Situated in a low valley close to the town of Nova Lima in the tropical highland state of Minas Gerais Brazil, about 12 miles from the modern city of Belo Horizonte and some 200 miles north of Rio de Janeiro, the community at Morro Velho grew up rapidly around the mighty gold mine of that name which was for many years the deepest in the world. This was worked from 1830 by the British financed St John del Rey Mining Company and like many other Latin American mining concerns, the company recruited British labour and encouraged miners’ families to join them. The Cornish were by far the largest ethnic group among the British immigrant labourers in this most well known Brazilian mining camp, numbering some 350 in the 1860s, and remained so into the 1920s. A visitor to the mines in the 1860s noted that because the majority were mostly from the County of Cornwall, the men preserved their peculiar accent and many of their superstitions. Morro Velho was considered not to have been as healthy as other English establishments in Brazil on account of its geographic position.
The British resided in the Colônia Inglêsa (English Colony) clustered on the hill around the Casa Grande (equivalent to the Count House) and to the south west of the hill in an area that became known as the Retiro. It was separated from the well-defined area called ‘Timbuctoo’, home for the Negro slaves, and the majority of the Brazilian townspeople who resided in nearby Nova Lima, and eventually encompassed the Bairro das Quintas where the British Club was located. The well-built housing of the Colônia Inglêsa resembled the whitewashed single-storey local architecture but had a definite British aura evident in the cottage-style gardens with lawns, boasting varieties of plants introduced from Britain. Some houses had a veranda, but these usually belonged to the bosses! The three acre hospital garden was said to have been particularly well stocked with peas, beans, potatoes, turnips and cauliflowers, as well as many indigenous plants including orange and banana trees.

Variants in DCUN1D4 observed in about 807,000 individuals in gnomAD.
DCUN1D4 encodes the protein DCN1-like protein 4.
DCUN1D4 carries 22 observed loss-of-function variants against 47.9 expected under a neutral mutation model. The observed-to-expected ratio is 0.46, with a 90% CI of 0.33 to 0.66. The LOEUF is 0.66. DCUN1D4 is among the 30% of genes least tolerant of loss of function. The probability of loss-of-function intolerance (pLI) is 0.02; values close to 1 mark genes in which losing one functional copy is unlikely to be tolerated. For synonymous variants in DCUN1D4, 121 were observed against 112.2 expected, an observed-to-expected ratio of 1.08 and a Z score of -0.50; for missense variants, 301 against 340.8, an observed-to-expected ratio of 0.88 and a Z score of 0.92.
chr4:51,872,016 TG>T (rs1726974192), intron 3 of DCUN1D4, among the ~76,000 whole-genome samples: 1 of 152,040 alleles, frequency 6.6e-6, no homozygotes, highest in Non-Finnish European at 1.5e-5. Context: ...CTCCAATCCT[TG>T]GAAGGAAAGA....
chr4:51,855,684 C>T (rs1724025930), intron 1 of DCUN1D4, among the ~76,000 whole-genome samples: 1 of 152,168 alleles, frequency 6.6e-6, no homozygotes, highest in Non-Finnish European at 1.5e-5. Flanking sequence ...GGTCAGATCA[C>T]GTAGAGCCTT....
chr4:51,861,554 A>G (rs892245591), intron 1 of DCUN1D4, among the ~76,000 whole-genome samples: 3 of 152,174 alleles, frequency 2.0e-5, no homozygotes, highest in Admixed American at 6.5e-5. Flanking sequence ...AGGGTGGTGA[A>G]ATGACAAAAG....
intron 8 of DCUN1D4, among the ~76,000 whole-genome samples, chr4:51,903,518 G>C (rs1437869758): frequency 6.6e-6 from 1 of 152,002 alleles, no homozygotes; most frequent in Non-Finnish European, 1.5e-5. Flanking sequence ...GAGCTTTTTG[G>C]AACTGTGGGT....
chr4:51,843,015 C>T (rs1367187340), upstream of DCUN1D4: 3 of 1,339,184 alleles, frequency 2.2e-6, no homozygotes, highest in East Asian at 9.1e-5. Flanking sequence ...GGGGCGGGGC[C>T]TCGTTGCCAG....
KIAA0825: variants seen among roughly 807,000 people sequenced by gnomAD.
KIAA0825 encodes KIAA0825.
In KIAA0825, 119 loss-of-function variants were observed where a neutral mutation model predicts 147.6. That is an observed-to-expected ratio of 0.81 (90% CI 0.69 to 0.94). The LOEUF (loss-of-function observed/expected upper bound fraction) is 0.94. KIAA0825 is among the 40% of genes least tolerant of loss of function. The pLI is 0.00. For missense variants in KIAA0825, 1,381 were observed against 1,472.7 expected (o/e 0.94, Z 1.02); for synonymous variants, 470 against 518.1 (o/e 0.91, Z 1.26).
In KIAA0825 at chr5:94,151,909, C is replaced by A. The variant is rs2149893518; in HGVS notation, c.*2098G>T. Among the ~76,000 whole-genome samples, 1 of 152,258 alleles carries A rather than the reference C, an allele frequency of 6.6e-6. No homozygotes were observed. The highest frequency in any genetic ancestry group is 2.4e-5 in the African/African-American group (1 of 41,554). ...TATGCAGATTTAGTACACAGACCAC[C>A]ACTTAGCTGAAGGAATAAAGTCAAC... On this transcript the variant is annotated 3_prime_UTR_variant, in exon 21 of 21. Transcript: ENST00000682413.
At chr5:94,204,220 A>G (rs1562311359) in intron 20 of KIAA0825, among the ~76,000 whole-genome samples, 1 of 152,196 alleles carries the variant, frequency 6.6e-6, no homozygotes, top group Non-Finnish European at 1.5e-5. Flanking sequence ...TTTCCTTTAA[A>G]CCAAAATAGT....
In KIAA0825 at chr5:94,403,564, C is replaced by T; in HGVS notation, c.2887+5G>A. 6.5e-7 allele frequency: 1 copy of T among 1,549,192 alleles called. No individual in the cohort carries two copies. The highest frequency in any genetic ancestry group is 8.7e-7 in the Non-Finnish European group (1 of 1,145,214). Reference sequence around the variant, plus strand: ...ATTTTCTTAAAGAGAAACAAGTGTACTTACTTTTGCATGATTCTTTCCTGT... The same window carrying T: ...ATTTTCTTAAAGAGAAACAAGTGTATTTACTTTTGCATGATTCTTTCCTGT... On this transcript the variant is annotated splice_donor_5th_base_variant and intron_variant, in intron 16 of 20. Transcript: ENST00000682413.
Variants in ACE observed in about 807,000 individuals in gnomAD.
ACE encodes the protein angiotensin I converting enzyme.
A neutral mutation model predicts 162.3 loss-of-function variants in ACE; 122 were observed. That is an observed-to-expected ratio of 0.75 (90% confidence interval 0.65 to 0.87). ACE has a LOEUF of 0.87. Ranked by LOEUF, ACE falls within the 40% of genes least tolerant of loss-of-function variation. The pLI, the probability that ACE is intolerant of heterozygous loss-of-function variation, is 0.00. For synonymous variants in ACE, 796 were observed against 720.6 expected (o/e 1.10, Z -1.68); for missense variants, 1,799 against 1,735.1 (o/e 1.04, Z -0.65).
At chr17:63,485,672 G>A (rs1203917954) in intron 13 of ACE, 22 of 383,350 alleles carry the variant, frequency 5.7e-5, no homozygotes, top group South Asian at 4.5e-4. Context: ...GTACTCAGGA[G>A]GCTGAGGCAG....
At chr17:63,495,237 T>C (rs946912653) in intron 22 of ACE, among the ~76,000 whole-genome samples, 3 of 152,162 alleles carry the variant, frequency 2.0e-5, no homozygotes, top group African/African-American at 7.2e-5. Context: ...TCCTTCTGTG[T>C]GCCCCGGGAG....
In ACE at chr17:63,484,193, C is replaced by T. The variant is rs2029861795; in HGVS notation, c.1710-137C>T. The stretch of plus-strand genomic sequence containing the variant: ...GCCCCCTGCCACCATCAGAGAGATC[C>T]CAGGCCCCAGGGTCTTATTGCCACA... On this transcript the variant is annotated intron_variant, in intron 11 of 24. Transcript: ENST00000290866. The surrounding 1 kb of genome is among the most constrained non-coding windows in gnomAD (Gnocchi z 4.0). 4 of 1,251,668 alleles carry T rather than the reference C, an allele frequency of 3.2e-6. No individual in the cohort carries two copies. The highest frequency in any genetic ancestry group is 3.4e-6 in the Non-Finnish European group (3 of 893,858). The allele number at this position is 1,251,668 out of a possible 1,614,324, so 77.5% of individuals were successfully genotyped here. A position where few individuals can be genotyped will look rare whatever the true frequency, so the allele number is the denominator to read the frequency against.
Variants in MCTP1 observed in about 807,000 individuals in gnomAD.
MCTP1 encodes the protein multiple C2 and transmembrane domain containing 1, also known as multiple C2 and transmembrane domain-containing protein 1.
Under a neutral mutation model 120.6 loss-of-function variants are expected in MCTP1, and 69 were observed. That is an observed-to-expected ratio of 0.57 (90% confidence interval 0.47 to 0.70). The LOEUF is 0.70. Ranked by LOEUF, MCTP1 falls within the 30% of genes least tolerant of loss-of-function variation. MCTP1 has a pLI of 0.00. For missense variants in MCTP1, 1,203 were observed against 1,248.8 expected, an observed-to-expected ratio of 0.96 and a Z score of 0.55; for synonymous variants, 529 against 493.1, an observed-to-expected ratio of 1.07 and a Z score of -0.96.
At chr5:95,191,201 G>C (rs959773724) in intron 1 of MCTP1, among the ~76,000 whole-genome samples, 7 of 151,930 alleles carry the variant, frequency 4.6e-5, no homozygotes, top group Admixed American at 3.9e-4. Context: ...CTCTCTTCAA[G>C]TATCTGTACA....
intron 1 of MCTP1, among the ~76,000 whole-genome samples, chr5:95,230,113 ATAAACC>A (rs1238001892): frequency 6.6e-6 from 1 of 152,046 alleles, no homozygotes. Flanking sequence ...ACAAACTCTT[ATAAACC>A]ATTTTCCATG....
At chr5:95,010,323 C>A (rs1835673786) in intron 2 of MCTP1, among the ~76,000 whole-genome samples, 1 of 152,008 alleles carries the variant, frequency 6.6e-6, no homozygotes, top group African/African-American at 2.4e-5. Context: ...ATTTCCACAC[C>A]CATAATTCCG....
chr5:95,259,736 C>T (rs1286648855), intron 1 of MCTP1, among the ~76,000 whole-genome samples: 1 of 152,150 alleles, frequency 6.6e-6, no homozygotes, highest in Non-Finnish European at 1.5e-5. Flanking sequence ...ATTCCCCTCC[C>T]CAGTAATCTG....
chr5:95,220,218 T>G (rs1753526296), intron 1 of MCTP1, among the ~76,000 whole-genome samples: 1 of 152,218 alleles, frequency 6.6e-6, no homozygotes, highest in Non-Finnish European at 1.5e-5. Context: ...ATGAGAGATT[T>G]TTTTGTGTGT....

The growing population of miners and their families from Britain resulted in the St John del Rey Mining Company’s decision to allow a small chapel to be built in the 1840s. An even larger one with a schoolroom was constructed in the 1850s to coincide with the arrival of a Church of England minister to administer the rites of life and instruct the children in Christian principle as well as an acceptable British curriculum. After years of lobbying by the company’s directors, the British Government passed a special act in 1867 legalising marriages consecrated by Anglican clergy at Morro Velho. The Church at Morro Velho was fairly well attended in dry weather, the congregation numbering about 100 souls, the miners sitting on the left side and the mechanics on the right. The Cornish, being mainly of the Wesleyan Methodist persuasion, started Sunday schools for the children.
Indeed, many of the cultural activities at
Morro Velho had a Cornish flavour, particularly the annual tea treat and
miners’ festival, the latter centred on St John the Baptist’s Day at
Midsummer, a celebration that had for centuries been popular in
Cornwall. That of 1857 involved around 100 company employees and their
families, including scholars from as many as three Sunday Schools. In
the afternoon, headed by the minister, some 60 children brandishing
banners and flanked by their Sunday school teachers and two Head Mining
Captains paraded around the Morro Velho establishment accompanied by an
amateur brass band. The party partook of a tea of oranges and plum cake
voluntarily provided by the community. Hymns and recitations, tunes from